Local lore that the name is derived from the Box bush Buxus sempervirens is improbable. There is no supporting evidence at all, and Buxus is not native to the area. There is, however, a connection with beech. Box (Wilts), Box (Glos), Box Hill (Surrey) and places such as Boscombe (Wilts) and Le Bosc (France) all feature extensive beech woods growing on various limestones.
Stone found in the archaeological investigation of Box Roman Villa is of local origin and Roman masonry may be seen at the base of the wall between the church of St. Thomas a Becket and Box House.
Legend has it that St Aldhelm, Abbot of Malmesbury (c. 639-709) threw his glove on Box Hill, saying, "dig here and you will find treasure". Box stone was used for the construction of Malmesbury Abbey in the late 7th century.
Transport of stone was improved in 1727 when the Avon was made navigable between Bath and Bristol, and again in 1810 when the Kennet and Avon Canal provided a route from Bradford to London. The railway made transport much cheaper, and the excavation of the tunnel revealed vast beds of stone on both sides of the line. Underground quarries were carved out between Box and Corsham, with stone carried by narrow-gauge railways to yards at Box and Corsham stations.
The peak period for quarrying was between 1880 and 1909 when millions of tons of stone was cut. The quarries continued working until 1969. As of 2015, quarrying continues on a smaller scale at Corsham, where the Box Ground stratum has been re-encountered at a lower level in the Hartham quarry, from which the stone for the obelisk at the Box Rock Circus (below) was extracted.
RAF Rudloe Manor, a headquarters site handling intelligence and directing operations, was established in the far east of the parish in 1940. Until 1945, critical functions were housed underground in a worked-out quarry, Brown's Quarry, to the north of Tunnel Quarry.
Underground in the same area, Spring Quarry was requisitioned in 1940 in order to create a shadow factory for aircraft engine manufacture, following the bombing of the Bristol Aeroplane Company at Filton. Construction took longer than expected and little production was achieved before the site closed in 1945. Artist Olga Lehmann was invited to paint murals in the workers' eating areas; in 2013 these were designated as Grade II* listed.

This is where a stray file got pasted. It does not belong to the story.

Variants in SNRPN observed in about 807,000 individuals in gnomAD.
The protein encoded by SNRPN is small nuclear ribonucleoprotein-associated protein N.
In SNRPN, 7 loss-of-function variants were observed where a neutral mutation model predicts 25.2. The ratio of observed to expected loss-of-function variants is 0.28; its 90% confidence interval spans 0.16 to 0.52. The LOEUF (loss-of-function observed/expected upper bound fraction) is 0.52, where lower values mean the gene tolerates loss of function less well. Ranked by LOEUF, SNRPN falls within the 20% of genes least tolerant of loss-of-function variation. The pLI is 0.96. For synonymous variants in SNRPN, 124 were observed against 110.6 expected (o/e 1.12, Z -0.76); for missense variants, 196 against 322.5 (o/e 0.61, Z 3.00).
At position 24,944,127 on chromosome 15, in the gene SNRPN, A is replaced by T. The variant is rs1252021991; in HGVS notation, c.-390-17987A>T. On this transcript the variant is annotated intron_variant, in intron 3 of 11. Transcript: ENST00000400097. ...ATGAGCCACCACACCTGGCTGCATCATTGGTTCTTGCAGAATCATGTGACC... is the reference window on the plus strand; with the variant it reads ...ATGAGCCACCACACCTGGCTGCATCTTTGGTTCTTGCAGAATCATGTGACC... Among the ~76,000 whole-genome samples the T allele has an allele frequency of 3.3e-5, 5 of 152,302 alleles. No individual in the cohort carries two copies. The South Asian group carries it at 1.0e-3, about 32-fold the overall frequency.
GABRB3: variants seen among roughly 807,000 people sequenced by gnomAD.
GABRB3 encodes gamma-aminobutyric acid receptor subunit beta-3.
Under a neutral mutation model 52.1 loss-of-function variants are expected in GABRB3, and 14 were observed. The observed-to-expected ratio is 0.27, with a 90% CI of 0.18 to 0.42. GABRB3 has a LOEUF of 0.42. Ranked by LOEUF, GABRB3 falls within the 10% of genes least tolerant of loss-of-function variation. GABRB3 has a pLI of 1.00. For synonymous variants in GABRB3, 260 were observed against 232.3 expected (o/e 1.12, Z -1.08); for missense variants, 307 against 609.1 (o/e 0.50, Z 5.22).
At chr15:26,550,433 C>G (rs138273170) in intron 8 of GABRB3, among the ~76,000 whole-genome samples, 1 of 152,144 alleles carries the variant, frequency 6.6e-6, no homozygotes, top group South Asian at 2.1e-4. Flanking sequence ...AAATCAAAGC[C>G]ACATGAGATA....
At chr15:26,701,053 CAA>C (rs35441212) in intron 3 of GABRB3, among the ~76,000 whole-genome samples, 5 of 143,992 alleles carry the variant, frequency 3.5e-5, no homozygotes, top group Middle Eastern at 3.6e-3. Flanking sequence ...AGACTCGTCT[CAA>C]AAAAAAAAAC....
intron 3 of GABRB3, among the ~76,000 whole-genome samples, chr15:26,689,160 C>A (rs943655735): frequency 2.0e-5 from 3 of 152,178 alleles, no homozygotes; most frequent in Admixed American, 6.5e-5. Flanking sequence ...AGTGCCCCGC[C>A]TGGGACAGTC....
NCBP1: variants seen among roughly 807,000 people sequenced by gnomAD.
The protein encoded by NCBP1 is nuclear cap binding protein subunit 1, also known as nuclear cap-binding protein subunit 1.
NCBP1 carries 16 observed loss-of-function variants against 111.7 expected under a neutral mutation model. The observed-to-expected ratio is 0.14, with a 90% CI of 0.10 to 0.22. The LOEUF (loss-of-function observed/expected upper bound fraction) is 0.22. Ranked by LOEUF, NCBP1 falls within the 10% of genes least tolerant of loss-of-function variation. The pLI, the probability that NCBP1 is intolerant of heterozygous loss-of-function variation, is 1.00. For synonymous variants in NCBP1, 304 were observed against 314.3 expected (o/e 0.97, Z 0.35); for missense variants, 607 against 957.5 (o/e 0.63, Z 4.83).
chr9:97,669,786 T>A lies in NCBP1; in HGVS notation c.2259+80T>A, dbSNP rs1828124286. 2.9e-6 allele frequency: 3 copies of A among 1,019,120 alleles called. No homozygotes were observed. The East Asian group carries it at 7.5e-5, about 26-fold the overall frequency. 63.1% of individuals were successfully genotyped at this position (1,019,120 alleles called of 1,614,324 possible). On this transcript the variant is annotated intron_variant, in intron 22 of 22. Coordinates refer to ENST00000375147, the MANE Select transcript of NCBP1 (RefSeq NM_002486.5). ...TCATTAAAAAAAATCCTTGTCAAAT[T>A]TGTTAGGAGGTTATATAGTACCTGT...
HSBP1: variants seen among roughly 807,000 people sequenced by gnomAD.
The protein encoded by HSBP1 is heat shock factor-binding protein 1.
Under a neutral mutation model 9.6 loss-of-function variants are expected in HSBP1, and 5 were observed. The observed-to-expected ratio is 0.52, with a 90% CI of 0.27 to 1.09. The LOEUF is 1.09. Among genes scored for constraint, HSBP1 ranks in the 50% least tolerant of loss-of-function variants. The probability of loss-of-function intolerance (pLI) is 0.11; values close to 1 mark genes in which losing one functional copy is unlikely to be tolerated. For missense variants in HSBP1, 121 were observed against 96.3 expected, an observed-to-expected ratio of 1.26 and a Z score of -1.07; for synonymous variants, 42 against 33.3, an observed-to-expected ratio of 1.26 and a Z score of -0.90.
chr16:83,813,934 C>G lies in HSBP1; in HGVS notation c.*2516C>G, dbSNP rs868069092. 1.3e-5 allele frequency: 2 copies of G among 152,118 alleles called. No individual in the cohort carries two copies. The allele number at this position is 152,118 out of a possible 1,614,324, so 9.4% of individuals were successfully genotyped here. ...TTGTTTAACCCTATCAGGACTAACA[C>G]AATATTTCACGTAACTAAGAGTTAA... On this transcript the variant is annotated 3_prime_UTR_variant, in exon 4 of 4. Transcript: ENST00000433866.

Between the late 1950s and 2004, Spring Quarry served as the Central Government War Headquarters, a self-sufficient government headquarters for use in the event of a nuclear conflict.
Box Mine became a biological Site of Special Scientific Interest in 1991.
There were Saxon churches at Ditteridge and Hazelbury, and possibly at Box. The present Church of England parish church at Box has 12th-century origins and is dedicated to St Thomas a Becket. Although nothing is currently visible, it has been posited that the chancel stands over the 5th century house-church of the Roman villa (above), in analogy to the villas at Lullingstone and Chedworth.
Alterations were made in the 14th century and a bell chamber and octagonal spire in the "decorated" style were added to the Norman tower in the 15th. Further restoration began in 1713 and in 1831 the church was extended with a south aisle; the interior was restored in 1896-7 by H.W. Brakspear. In 1960 the building was designated as Grade I listed.
A single bell hangs in an external bellcote. Although the bell has no inscription, the casting detail suggests a bell of the 14th century, probably cast locally.
The church of All Saints, Hazelbury fell into disuse before 1540. It was located on a knoll in an area north of Hazelbury Manor shown on the 17th century map as "Olde Church Feilde". Excavation by Kidston in the early 20th century indicated a single-cell church with a semi-circular apse at the east end. The stone sarcophagi now at St Thomas a Becket came from here. Kidston notes that carved masonry from the church was re-used in Hazelbury Manor.